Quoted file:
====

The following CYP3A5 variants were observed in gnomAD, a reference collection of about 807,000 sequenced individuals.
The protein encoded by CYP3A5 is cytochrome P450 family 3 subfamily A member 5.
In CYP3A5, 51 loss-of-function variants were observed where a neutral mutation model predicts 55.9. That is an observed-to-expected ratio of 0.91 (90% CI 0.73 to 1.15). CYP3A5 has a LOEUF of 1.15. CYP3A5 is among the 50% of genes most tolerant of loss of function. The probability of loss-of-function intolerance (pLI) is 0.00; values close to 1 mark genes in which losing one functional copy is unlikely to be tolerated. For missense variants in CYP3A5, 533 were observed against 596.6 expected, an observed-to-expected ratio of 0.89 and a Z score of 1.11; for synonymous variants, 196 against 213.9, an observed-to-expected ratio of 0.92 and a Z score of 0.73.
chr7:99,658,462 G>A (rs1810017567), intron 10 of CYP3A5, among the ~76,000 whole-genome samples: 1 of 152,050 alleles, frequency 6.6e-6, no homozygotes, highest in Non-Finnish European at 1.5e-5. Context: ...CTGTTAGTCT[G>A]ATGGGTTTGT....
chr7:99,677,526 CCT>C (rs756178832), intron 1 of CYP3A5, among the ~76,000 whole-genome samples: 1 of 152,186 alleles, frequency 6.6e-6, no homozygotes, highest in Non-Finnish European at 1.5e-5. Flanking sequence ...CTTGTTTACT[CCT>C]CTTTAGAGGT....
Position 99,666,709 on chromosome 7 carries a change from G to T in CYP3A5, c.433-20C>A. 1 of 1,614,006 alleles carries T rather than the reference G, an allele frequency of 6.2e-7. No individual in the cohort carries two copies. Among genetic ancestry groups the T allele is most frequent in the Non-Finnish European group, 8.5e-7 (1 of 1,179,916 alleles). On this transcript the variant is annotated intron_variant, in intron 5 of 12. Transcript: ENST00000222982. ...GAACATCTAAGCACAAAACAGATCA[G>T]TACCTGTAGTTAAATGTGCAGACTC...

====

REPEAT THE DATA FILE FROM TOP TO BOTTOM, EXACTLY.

The following CYP3A5 variants were observed in gnomAD, a reference collection of about 807,000 sequenced individuals.
The protein encoded by CYP3A5 is cytochrome P450 family 3 subfamily A member 5.
In CYP3A5, 51 loss-of-function variants were observed where a neutral mutation model predicts 55.9. That is an observed-to-expected ratio of 0.91 (90% CI 0.73 to 1.15). CYP3A5 has a LOEUF of 1.15. CYP3A5 is among the 50% of genes most tolerant of loss of function. The probability of loss-of-function intolerance (pLI) is 0.00; values close to 1 mark genes in which losing one functional copy is unlikely to be tolerated. For missense variants in CYP3A5, 533 were observed against 596.6 expected, an observed-to-expected ratio of 0.89 and a Z score of 1.11; for synonymous variants, 196 against 213.9, an observed-to-expected ratio of 0.92 and a Z score of 0.73.
chr7:99,658,462 G>A (rs1810017567), intron 10 of CYP3A5, among the ~76,000 whole-genome samples: 1 of 152,050 alleles, frequency 6.6e-6, no homozygotes, highest in Non-Finnish European at 1.5e-5. Context: ...CTGTTAGTCT[G>A]ATGGGTTTGT....
chr7:99,677,526 CCT>C (rs756178832), intron 1 of CYP3A5, among the ~76,000 whole-genome samples: 1 of 152,186 alleles, frequency 6.6e-6, no homozygotes, highest in Non-Finnish European at 1.5e-5. Flanking sequence ...CTTGTTTACT[CCT>C]CTTTAGAGGT....
Position 99,666,709 on chromosome 7 carries a change from G to T in CYP3A5, c.433-20C>A. 1 of 1,614,006 alleles carries T rather than the reference G, an allele frequency of 6.2e-7. No individual in the cohort carries two copies. Among genetic ancestry groups the T allele is most frequent in the Non-Finnish European group, 8.5e-7 (1 of 1,179,916 alleles). On this transcript the variant is annotated intron_variant, in intron 5 of 12. Transcript: ENST00000222982. ...GAACATCTAAGCACAAAACAGATCA[G>T]TACCTGTAGTTAAATGTGCAGACTC...